Absorbing nutrients is a good thing for weight loss too.  If you have weight to lose, extra nutrients help you lose it in many ways.

If you aren’t digesting nutrients in food, it takes more food for you to feel balanced.

When your body has all the nutrients needed to function properly you lose nutritional hunger. Until the specific nutrients needed are fulfilled, your body continues to send you hunger signals.

Another example, all grains, nuts, seeds, and legumes have a certain amount of digestion inhibitors. A full spectrum digestive enzyme will counteract these enzyme inhibitors allowing you to absorb more of the nutrients from these foods.

So even if you eat highly nutritious food, if you aren’t absorbing all of their nutrients, your body will continue to send you signals to keep eating until it receives what it needs.

2. Boosts Energy Level 

Have you ever noticed you make better decisions around your health and are more likely to be active when you are energetic?

A lack of energy is often the first symptom of poor digestion. Increasing nutrient absorption increases your energy levels and allows your body to work more efficiently.

In most cases, up to 80% of our body’s vital energy is spent on digestion. By aiding the breakdown and absorption of foods, you can free up enormous amounts of energy, increasing physical vitality and enhancing energy levels.  

3. Detoxifies 

Digestive enzymes speed up transit time for your food. The faster food moves through the digestive tract the less backed-up you become.  Waste is equal to weight!

The body wants to extract nutrients and rid itself quickly of these waste products. Undigested food, waste, and toxins that sit around in your digestive tract can weigh up to 10 pounds, giving you a bloated belly. Also, they can lead to a build-up of toxic intermediate products that are even more harmful to your body than the original toxins.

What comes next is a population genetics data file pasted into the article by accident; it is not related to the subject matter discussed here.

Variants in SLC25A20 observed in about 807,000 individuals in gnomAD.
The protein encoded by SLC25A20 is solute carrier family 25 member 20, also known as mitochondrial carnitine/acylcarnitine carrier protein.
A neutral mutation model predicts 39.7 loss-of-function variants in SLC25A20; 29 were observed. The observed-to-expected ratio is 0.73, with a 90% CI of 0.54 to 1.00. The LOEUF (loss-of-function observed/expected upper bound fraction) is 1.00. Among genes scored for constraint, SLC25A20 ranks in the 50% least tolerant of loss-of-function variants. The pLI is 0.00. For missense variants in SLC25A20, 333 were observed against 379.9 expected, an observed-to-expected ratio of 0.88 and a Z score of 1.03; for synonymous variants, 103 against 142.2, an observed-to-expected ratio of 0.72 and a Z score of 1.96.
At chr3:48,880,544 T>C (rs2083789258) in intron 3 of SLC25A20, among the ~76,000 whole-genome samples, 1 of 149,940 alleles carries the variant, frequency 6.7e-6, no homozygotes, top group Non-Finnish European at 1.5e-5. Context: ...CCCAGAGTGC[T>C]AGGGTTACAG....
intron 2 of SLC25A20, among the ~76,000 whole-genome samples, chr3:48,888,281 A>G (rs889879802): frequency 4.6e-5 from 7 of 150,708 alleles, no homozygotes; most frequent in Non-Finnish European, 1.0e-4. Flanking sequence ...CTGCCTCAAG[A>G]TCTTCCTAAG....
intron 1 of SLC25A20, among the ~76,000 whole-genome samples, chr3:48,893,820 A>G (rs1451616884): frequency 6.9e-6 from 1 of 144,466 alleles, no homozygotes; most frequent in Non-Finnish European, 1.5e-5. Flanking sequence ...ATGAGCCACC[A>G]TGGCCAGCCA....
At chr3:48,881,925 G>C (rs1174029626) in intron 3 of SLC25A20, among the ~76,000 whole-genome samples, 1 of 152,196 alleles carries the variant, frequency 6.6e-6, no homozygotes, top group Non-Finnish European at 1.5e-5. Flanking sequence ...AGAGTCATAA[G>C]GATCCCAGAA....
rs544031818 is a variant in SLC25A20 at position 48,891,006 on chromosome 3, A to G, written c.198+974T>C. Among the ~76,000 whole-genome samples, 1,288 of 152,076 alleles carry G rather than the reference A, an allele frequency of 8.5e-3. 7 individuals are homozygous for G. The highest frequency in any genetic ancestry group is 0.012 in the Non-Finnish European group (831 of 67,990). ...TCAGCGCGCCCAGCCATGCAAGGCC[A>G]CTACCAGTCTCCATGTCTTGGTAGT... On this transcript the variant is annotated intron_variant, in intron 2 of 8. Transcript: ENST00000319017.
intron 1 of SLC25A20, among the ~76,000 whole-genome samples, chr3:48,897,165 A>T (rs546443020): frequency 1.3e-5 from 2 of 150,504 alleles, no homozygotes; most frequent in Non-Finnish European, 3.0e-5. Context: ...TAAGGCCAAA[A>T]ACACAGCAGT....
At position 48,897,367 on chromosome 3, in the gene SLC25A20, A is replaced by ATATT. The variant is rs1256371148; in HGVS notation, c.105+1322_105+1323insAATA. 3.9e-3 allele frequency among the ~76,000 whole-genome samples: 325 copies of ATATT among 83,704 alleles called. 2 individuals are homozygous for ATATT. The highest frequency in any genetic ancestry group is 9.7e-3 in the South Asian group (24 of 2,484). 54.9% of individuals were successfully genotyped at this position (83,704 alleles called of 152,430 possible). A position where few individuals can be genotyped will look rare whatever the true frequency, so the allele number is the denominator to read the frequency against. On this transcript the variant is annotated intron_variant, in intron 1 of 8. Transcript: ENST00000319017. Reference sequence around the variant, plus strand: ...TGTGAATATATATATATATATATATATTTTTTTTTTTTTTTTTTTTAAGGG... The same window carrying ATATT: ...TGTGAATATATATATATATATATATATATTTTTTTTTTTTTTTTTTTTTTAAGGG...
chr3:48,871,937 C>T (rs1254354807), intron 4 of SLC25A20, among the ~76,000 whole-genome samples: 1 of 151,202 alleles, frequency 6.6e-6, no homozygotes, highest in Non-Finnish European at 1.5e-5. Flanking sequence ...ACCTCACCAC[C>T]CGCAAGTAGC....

If these toxins are not moved out of the body they are reabsorbed and cause toxicity and inflammation.

Proper digestion and elimination can drastically reduce your body’s toxin load.

4. Increases Fat Burning and Muscle Building 

When digestive enzymes are taken with a protein meal after a workout the branched-chain amino acids (BCAAs) in the protein are absorbed better. BCAAs are special protein building blocks that have incredible fat burning and muscle building effects.

5. Supports Good Bacteria

Approximately 70-80% of your immune system is housed in our digestive tract.

If your colon is full of undigested protein, your good gut bacteria are diminished and bad bacteria take hold. Craving refined sugar and processed junk food can be a sign that you have an overgrowth of bad bacteria in your gut.

Your good gut bacteria push out bad bacteria and colonize the intestine when your food is properly digested and is moving efficiently. As well, good gut bacteria make digestive enzymes.

Think of digestive enzymes as sprinters and the bacteria as long-distance runners. The enzymes quickly prepare the food for use by the bacteria which in the long run support a healthy gut and helps break down food as well.

6. Decreases Inflammation 

Inflammation affects your metabolism. Undigested food can cause food sensitivities in the digestive tract leading to inflammation.

If the body sees undigested food as a foreign invader instead of nourishment it creates an inflammatory response which can decrease sensitivity to insulin and leptin. These two hormones control blood sugar levels, energy, fat storage, and appetite.

Inflammation in the body can seriously impair your metabolism and ability to lose weight efficiently.

How to Take Digestive Enzymes Supplements? 

Ideally, you want to take digestive enzymes 5-30 min before meals. To maximize their effectiveness, take them as close to the beginning of your meal as possible so they are in contact with your food longer.

Most digestive enzymes serving size labels recommend taking 1 or 2 capsules before a meal, but as with any supplement you want to ease into using them.  

It is usually a good idea to follow the manufacturer’s recommendations and consult your family practitioner if you have questions.

What Are the Potential Side Effects of Taking Digestive Enzymes Supplements?